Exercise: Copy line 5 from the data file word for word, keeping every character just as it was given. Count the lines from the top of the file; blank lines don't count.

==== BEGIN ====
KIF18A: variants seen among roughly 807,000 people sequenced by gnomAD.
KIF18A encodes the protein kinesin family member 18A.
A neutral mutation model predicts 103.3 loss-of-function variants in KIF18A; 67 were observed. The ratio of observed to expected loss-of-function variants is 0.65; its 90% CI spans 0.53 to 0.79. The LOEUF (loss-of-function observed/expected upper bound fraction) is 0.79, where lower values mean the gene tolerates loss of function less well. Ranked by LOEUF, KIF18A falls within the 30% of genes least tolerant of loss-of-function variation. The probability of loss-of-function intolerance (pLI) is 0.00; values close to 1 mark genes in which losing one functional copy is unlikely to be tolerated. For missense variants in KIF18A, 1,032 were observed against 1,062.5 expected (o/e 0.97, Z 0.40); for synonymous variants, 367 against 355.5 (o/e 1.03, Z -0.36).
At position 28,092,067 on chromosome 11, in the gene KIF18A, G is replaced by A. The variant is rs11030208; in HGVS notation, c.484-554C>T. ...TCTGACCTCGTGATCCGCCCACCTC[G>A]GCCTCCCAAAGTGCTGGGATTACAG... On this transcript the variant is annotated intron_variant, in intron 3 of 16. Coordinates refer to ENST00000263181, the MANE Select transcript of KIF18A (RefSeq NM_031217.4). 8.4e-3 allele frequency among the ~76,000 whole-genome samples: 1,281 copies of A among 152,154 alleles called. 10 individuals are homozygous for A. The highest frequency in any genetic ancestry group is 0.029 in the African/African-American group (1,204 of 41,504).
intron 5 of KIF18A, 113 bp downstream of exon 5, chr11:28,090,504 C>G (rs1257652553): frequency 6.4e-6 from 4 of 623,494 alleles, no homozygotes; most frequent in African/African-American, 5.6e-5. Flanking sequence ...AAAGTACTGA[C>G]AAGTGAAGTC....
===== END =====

intron 5 of KIF18A, 113 bp downstream of exon 5, chr11:28,090,504 C>G (rs1257652553): frequency 6.4e-6 from 4 of 623,494 alleles, no homozygotes; most frequent in African/African-American, 5.6e-5. Flanking sequence ...AAAGTACTGA[C>G]AAGTGAAGTC....